In the first book to present the history of Baltimore school desegregation, Howell S. Baum shows how good intentions got stuck on what Gunnar Myrdal called the "American Dilemma." Immediately after the 1954 Brown v. Board of Education decision, the city's liberal school board voted to desegregate and adopted a free choice policy that made integration voluntary. Baltimore's school desegregation proceeded peacefully, without the resistance or violence that occurred elsewhere. However, few whites chose to attend school with blacks, and after a few years of modest desegregation, schools resegregated and became increasingly segregated. The school board never changed its policy. Black leaders had urged the board to adopt free choice and, despite the limited desegregation, continued to support the policy and never sued the board to do anything else. Baum finds that American liberalism is the key to explaining how this happened. Myrdal observed that many whites believed in equality in the abstract but considered blacks inferior and treated them unequally. School officials were classical liberals who saw the world in terms of individuals, not races. They adopted a desegregation policy that explicitly ignored students' race and asserted that all students were equal in freedom to choose schools, while their policy let whites who disliked blacks avoid integration. School officials' liberal thinking hindered them from understanding or talking about the city's history of racial segregation, continuing barriers to desegregation, and realistic change strategies. From the classroom to city hall, Baum examines how Baltimore's distinct identity as a border city between North and South shaped local conversations about the national conflict over race and equality. The city's history of wrestling with the legacy of Brown reveals Americans' preferred way of dealing with racial issues: not talking about race. This avoidance, Baum concludes, allows segregation to continue.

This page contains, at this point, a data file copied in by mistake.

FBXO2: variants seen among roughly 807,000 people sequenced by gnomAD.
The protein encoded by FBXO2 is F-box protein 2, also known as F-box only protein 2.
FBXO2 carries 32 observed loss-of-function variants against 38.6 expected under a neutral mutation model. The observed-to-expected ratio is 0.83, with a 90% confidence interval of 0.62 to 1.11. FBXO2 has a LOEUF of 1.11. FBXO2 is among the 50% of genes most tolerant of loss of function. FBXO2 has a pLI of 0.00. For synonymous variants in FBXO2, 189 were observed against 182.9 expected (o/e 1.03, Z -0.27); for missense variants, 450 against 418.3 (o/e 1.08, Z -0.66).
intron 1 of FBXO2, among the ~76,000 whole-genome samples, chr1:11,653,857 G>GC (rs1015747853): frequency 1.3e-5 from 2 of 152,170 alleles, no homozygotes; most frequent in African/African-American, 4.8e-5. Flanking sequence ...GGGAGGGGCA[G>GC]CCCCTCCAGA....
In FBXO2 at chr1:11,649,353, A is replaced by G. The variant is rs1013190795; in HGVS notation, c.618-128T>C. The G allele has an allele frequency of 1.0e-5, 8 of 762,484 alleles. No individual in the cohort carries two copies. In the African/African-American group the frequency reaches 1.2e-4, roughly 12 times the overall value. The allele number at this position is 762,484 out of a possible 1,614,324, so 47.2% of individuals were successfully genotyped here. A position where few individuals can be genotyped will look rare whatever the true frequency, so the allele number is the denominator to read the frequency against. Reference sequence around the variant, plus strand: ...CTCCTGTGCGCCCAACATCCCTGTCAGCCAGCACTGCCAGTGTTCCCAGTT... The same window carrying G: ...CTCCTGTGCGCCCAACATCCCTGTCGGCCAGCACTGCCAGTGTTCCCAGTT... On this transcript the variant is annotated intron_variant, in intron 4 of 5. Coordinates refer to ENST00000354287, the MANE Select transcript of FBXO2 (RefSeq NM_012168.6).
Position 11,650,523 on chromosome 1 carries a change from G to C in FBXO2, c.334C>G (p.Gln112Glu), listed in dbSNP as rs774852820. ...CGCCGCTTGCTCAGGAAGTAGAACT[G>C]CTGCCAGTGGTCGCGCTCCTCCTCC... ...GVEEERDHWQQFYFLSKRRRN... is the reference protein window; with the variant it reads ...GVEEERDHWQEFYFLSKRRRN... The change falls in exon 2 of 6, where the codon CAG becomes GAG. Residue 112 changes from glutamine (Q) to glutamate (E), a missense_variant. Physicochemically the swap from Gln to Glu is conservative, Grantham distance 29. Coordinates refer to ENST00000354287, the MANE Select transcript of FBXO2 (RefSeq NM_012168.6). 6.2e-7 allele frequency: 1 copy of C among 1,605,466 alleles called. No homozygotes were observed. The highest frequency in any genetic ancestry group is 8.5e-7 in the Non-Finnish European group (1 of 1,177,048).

Lost Baltimore

Author: Gregory J. Alexander,Paul Kelsey Williams

Publisher: Pavilion Books, Limited

ISBN: 9781909108431

Category: Architecture

Page: 142

View: 6268

Profiles places in Baltimore that have been destroyed, altered, or demolished during the nineteenth and twentieth centuries, with photographs of the original structures, background information, and stories about memorable individuals.

Walking Baltimore

An InsiderÕs Guide to 33 Historic Neighborhoods, Waterfront Districts, and Hidden Treasures in Charm City

Author: Evan Balkan

Publisher: Wilderness Press

ISBN: 0899977014

Category: Travel

Page: 256

View: 6942

Presents a collection of thirty-three self-guided walking tours of Baltimore highlighting cultural attractions, historical sites, museums, monuments, religious institutions, outdoor acitivies, shopping, and restaurants for each route.


Author: Tim Junkin

Publisher: Algonquin Books

ISBN: 1565125142

Category: Biography & Autobiography

Page: 294

View: 6452

Charged with the rape and murder of a nine-year-old girl in 1984, Kirk Bloodsworth was tried, convicted, and sentenced to die in Maryland’s gas chamber. From the beginning, he proclaimed his innocence, but when he was granted a new trial because his prosecutors improperly withheld evidence, the second trial also resulted in conviction. Bloodsworth read every book on criminal law in the prison library and persuaded a new lawyer to petition for the then-innovative DNA testing. After nine years in one of the harshest prisons in America, Kirk Bloodsworth was vindicated by DNA evidence. He was pardoned by the governor of Maryland and has gone on to become a tireless spokesman against capital punishment.

Baltimore, a Living Renaissance

Author: Lenora Heilig Nast,Laurence N. Krause,Richard C. Monk

Publisher: N.A


Category: Baltimore (Md.)

Page: 320

View: 3817

The Enoch Pratt Free Library of Baltimore City

Letters and Documents Relating to Its Foundation and Organization, with the Dedicatory Addresses and Exercises January 4, 1886

Author: Enoch Pratt Free Library

Publisher: N.A


Category: Libraries

Page: 122

View: 867


In Vintage Postcards

Author: Joe Russell,Kate Shelley

Publisher: Arcadia Publishing

ISBN: 9780738502427

Category: History

Page: 128

View: 9831